A joint account is an asset or account with more than one owner.
For a variety of reasons, financial accounts might be owned by more than one person. Usually, this is an issue of sharing accounts between married persons and relates to inheritance issues, but it can be used to manage control among business partners.
There are two basic variations of a joint account. The differences largely come down to how the transition of account ownership is handled at one owner’s death. The two variations are joint tenants in common and joint tenants with rights of survivorship.
A joint tenants in common account allows for many owners and allows for owners to be added at a later time.
For example, three partners own an asset. Owner A owns 50% while the other two (Owners B & C) own 25% each. Owner A decides to sell a portion of his asset to Owner D, who now owns 10% of the total asset. Owner A then dies.
Under a tenants-in-common arrangement, Owner A’s remaining share belongs to his or her estate, rather than being transferred to the other owners.
Owner A’s estate representative can determine the status of the asset and choose to retain ownership or divest the asset. In the event of a death, it is common for the tenant-in-common portion of the asset to be subject to the probate process.
Note that many tenants-in-common arrangements will have formalized agreements as to the status and transfer of the asset at an individual owner’s death, disability or wish to sell the asset. In business, this is commonly referred to as a buy/sell agreement.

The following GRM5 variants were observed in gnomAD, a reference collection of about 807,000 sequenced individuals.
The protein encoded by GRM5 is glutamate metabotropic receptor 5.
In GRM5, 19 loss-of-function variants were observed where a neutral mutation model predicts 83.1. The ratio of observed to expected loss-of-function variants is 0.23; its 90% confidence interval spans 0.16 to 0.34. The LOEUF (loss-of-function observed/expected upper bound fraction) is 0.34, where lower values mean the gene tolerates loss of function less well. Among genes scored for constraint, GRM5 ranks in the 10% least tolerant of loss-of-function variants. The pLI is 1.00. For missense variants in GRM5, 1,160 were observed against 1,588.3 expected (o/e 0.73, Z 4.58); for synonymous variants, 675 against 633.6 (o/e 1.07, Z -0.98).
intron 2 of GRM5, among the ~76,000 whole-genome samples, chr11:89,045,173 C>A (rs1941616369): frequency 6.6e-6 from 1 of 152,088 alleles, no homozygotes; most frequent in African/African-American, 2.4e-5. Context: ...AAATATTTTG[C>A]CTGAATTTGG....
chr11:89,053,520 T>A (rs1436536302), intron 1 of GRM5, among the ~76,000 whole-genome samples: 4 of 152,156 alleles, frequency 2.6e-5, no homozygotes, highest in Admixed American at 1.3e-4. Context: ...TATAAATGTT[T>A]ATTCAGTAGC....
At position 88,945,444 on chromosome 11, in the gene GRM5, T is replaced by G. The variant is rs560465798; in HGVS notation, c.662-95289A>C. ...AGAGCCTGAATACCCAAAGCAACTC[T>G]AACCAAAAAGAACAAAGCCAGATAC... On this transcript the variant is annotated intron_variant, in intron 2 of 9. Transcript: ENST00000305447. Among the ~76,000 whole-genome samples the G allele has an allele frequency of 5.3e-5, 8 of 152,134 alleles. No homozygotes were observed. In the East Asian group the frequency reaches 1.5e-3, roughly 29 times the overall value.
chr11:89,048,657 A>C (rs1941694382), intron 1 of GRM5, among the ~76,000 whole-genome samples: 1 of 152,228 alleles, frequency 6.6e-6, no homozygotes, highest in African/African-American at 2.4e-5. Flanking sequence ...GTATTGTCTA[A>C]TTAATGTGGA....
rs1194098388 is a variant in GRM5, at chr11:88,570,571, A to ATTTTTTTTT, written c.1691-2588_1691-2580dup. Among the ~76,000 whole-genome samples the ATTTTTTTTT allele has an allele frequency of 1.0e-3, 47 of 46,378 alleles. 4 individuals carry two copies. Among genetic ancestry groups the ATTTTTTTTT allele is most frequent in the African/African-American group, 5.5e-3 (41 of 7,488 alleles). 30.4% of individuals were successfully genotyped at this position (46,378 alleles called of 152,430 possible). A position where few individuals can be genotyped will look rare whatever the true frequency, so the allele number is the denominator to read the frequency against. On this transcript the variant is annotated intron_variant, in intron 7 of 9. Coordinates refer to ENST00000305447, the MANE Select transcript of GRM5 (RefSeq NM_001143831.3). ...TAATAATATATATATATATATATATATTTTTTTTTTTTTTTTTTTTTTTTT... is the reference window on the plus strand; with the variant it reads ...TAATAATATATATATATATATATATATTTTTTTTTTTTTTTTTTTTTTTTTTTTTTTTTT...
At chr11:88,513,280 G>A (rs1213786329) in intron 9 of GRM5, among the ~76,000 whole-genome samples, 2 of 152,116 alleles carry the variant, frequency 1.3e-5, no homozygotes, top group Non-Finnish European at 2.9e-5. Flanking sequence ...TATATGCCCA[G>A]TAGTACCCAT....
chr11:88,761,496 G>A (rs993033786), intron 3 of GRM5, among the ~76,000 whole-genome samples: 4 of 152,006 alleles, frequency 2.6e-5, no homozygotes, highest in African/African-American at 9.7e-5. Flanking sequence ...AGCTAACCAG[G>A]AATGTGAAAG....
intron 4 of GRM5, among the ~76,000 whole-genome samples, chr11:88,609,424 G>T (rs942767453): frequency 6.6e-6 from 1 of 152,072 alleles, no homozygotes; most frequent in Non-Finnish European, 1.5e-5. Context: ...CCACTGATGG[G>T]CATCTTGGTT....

The second form is a joint tenants with rights of survivorship. This is most commonly seen among related parties, with husband and wife being the most common.
In this kind of joint account, ownership is generally equal between all owners. Upon the death of one owner the remaining owner or owners receives a proportional share of the deceased’s share with no pass-through to the estate of the deceased.
This designation thus generally avoids or negates the probate process for the particular asset or account in question.
A joint account is attractive for couples when it comes to estate planning. Note that there is no marriage or other legal requirement for an asset to be held with a rights of survivorship designation. Instead, the designation simply means that the parties involved recognize how the asset transfer will occur at death among the surviving owners of the account.
Joint accounts generally are considered to be non-qualified accounts. Owners of a joint account should be aware of the tax implications of joint accounts, especially as it relates to a step-up in equity basis at death and gifting purposes.
Owners also should be aware that a joint account is subject to attachment by a creditor if one of the owners has credit, bankruptcy or legal issues. Owners must agree unanimously to the sale or disposition of the joint asset; majority rule does not apply. Additionally, state-specific laws regarding taxation and transfer after death might apply to a joint account.
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